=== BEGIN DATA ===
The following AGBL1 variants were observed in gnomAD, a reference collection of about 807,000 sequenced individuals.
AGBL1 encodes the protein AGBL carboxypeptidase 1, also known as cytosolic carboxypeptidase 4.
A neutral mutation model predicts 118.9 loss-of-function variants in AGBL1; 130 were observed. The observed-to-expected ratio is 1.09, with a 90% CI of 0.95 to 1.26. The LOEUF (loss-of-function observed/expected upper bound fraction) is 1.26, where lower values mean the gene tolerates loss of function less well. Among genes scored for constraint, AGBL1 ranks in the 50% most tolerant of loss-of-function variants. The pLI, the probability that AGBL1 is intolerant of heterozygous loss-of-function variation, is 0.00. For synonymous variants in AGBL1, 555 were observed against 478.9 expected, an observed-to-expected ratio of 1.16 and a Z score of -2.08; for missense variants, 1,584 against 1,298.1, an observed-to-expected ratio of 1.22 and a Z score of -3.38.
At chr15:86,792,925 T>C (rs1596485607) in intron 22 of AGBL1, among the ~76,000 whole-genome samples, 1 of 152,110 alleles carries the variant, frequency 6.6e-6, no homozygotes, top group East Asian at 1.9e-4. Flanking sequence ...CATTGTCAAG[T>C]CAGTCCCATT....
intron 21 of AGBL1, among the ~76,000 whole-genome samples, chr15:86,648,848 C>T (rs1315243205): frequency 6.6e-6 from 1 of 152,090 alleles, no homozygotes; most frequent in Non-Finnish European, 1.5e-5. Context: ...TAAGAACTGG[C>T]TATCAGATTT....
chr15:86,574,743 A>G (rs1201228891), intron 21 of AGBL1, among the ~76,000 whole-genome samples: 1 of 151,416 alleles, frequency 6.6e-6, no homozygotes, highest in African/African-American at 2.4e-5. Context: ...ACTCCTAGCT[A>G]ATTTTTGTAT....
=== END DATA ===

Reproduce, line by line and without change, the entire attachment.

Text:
The following AGBL1 variants were observed in gnomAD, a reference collection of about 807,000 sequenced individuals.
AGBL1 encodes the protein AGBL carboxypeptidase 1, also known as cytosolic carboxypeptidase 4.
A neutral mutation model predicts 118.9 loss-of-function variants in AGBL1; 130 were observed. The observed-to-expected ratio is 1.09, with a 90% CI of 0.95 to 1.26. The LOEUF (loss-of-function observed/expected upper bound fraction) is 1.26, where lower values mean the gene tolerates loss of function less well. Among genes scored for constraint, AGBL1 ranks in the 50% most tolerant of loss-of-function variants. The pLI, the probability that AGBL1 is intolerant of heterozygous loss-of-function variation, is 0.00. For synonymous variants in AGBL1, 555 were observed against 478.9 expected, an observed-to-expected ratio of 1.16 and a Z score of -2.08; for missense variants, 1,584 against 1,298.1, an observed-to-expected ratio of 1.22 and a Z score of -3.38.
At chr15:86,792,925 T>C (rs1596485607) in intron 22 of AGBL1, among the ~76,000 whole-genome samples, 1 of 152,110 alleles carries the variant, frequency 6.6e-6, no homozygotes, top group East Asian at 1.9e-4. Flanking sequence ...CATTGTCAAG[T>C]CAGTCCCATT....
intron 21 of AGBL1, among the ~76,000 whole-genome samples, chr15:86,648,848 C>T (rs1315243205): frequency 6.6e-6 from 1 of 152,090 alleles, no homozygotes; most frequent in Non-Finnish European, 1.5e-5. Context: ...TAAGAACTGG[C>T]TATCAGATTT....
chr15:86,574,743 A>G (rs1201228891), intron 21 of AGBL1, among the ~76,000 whole-genome samples: 1 of 151,416 alleles, frequency 6.6e-6, no homozygotes, highest in African/African-American at 2.4e-5. Context: ...ACTCCTAGCT[A>G]ATTTTTGTAT....